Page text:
c.1900 BC

The Erlitou culture succeeds the Longshan following a short interlude as society recovers from the climatic-induced problems of the past couple of centuries. The Erlitou type site yields great finds which date from this period onwards, to around 1500 BC. These include pillared halls, and palaces which could be dated between 2000-1500 BC and which, in theory, can be linked to the early Xia dynasty.

Map of China c.3000 BC
The Longshan culture succeeded the preceding Yangshao, but initially it was primarily based further east, only gradually spreading back along the Yellow River to cover depopulated Yangshao lands, and also absorbing coastal cultures such as the Dawenkou and Liangzhu

These palaces stand on rammed-earth platforms, one of them with a triple gate which provides the pattern for all later Chinese royal cities. Pottery and bronze castings are found here, as is a burial with an exquisite sceptre made of two thousand pieces of turquoise in the shape of a dragon, the symbol of Chinese royalty since the beginning of civilisation here.

Chinese rice and millet farmers have been spreading southwards into a region which stretches between Vietnam and Burma. There, they are interbreeding with local hunter-gatherers in two main pulses, the first taking place around now and the second around the end of the first century BC.

The migrations seem to occur from southern China which, at this time, is not part of the Erlitou culture of the north, but which may still be informed and improved by it.

Map of Xia China c.2000 BC
The semi-mythical first dynasty of China emerged in territory along the Yellow River, quickly conquering and dominating the rival early states around it, especially the Shang tribe who would later pose such a threat to Xia hegemony, but also others such as the largely mysterious Pi, and Ge (click or tap on map to view full sized)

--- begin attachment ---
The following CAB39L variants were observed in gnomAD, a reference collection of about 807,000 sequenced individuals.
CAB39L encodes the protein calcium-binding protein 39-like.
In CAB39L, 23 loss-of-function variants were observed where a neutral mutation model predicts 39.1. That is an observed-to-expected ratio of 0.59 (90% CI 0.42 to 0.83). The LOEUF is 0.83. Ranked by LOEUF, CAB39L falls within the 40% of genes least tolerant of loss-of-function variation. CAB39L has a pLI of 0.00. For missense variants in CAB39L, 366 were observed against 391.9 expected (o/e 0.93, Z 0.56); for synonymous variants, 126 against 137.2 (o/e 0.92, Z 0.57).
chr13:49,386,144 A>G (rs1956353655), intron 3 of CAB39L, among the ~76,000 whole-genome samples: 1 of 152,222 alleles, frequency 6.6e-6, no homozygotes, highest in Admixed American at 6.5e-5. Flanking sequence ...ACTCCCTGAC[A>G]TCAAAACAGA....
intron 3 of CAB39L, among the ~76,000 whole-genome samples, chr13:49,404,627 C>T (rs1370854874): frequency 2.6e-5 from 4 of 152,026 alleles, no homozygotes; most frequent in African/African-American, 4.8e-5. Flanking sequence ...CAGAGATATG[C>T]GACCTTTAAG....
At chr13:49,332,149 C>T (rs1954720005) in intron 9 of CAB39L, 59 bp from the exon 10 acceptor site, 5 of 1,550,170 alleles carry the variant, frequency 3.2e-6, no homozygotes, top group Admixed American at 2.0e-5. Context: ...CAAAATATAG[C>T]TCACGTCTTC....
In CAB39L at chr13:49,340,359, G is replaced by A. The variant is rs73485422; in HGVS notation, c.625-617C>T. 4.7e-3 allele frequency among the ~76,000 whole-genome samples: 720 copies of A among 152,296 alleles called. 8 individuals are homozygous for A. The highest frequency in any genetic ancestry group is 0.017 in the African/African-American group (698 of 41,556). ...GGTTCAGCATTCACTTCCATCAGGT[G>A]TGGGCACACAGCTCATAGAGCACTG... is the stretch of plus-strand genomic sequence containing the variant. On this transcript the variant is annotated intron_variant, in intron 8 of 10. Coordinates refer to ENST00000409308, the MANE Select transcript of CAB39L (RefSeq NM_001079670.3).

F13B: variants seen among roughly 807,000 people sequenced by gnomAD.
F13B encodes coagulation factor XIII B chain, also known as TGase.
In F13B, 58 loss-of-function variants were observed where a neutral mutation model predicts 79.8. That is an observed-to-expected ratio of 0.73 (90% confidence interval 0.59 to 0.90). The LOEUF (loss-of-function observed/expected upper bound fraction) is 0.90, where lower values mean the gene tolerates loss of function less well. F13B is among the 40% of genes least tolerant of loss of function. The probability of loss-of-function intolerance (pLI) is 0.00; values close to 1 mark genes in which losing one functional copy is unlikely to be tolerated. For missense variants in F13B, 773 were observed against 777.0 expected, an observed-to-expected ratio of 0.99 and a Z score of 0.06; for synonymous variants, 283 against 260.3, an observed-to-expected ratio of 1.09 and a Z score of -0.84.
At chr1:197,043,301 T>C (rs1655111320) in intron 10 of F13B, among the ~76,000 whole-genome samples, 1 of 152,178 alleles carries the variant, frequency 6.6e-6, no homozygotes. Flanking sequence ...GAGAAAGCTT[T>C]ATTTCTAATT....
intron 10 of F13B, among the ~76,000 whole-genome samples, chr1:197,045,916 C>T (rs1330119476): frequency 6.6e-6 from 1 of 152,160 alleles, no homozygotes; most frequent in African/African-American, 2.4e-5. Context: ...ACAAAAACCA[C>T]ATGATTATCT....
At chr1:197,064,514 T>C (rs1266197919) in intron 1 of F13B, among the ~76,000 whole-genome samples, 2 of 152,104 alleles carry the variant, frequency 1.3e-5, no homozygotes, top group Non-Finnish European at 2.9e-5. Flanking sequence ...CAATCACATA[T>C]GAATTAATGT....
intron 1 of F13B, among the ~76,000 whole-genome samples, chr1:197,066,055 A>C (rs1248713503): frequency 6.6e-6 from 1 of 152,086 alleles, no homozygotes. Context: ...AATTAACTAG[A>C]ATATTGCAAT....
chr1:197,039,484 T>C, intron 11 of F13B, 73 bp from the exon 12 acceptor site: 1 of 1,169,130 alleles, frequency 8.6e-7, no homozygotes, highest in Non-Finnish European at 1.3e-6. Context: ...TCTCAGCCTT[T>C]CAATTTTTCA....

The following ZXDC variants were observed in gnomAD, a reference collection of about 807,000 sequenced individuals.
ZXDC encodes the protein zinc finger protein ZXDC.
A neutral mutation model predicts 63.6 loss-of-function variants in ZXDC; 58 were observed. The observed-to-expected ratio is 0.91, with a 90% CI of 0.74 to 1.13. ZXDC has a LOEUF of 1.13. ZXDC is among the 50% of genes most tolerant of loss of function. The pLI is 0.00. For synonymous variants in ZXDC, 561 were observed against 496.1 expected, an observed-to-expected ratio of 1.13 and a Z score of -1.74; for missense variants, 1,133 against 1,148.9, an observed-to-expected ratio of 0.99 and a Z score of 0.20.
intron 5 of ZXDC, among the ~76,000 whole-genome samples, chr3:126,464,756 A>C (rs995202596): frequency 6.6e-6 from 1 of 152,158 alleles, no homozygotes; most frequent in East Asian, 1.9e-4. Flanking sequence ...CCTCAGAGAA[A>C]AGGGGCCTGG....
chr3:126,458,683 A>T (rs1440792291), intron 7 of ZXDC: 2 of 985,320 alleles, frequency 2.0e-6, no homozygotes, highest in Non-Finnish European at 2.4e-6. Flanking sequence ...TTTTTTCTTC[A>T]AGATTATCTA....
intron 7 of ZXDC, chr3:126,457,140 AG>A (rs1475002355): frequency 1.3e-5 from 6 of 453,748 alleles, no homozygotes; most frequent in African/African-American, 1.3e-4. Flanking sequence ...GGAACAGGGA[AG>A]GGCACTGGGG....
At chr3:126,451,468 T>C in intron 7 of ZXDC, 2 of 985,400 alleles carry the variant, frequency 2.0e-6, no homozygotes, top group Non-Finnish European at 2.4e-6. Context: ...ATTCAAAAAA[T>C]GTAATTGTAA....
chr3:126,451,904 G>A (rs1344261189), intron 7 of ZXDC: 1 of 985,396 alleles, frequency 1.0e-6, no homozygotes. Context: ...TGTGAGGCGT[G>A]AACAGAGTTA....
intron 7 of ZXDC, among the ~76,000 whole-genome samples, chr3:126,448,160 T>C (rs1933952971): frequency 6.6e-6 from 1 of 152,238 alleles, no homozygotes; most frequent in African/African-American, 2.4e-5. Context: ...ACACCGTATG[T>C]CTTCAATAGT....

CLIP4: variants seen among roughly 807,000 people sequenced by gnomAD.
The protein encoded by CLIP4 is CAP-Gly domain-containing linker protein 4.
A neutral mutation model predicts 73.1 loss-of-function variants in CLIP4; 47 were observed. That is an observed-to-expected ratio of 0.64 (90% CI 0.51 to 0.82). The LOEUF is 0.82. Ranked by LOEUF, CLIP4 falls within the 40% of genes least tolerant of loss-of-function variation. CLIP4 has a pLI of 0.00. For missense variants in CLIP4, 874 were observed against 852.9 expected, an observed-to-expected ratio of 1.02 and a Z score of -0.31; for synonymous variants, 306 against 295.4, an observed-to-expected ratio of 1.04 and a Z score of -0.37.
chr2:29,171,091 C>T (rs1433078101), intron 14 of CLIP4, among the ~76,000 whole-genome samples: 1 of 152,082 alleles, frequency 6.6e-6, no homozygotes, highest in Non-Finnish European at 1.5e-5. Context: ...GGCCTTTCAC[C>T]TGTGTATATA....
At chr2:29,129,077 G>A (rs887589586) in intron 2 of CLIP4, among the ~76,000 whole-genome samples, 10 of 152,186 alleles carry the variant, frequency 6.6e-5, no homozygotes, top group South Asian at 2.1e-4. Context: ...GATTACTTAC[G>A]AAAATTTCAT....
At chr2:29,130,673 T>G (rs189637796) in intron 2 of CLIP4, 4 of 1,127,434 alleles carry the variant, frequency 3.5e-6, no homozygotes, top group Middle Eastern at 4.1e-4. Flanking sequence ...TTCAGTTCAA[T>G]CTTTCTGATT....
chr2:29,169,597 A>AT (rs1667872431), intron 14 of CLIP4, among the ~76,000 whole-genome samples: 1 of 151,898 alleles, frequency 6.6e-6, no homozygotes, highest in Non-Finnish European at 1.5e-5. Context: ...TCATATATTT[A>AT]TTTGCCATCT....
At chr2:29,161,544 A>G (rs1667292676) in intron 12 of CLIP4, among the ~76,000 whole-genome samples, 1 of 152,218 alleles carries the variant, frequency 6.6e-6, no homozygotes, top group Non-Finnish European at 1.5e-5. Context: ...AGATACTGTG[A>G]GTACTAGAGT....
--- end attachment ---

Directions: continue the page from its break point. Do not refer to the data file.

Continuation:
c.1875 BC

The large, potentially imperial palace at Erlitou is rebuilt to a smaller size around this time. This is Erlitou No 2 site, and archaeologists will later find the remains of the original 1975 BC palace underneath the rebuild. The palace on the No 1 site dates to around this time too, or perhaps a little later.

c.1766 BC

Prior to their ascent as conquerors of the semi-historical Xia rulers, the Shang had formed a tribe which had occupied the lower regions of the Yellow River during Xia dominance.

c.1700 BC

A 2011 archaeological find reveals another palace complex at Erlitou, which is dated to about 1700 BC. Dating for the early Chinese dynasties is unreliable, but this construction may well be a Shang project.

Erlitou palace
This palace of the Erlitou culture was at its height during the Xia dynasty, but this great palace was inherited by the Shang dynasty following its act of overthrowing the Xia

c.1380 BC

In an attempt to revitalise the Shang dynasty's now-fading fortunes, Emperor P'an-keng moves the capital to Yin, thereby creating the amended form of the dynasty's name, Yin Shang. This coincides almost precisely with the ending of the Erlitou culture at the site of the (probable) former imperial capital.

c.1350 BC

The Yellow River's Erlitou culture comes to an end, to be succeeded by an increasingly historical Dynastic China which is still under the sway of the Shang emperors.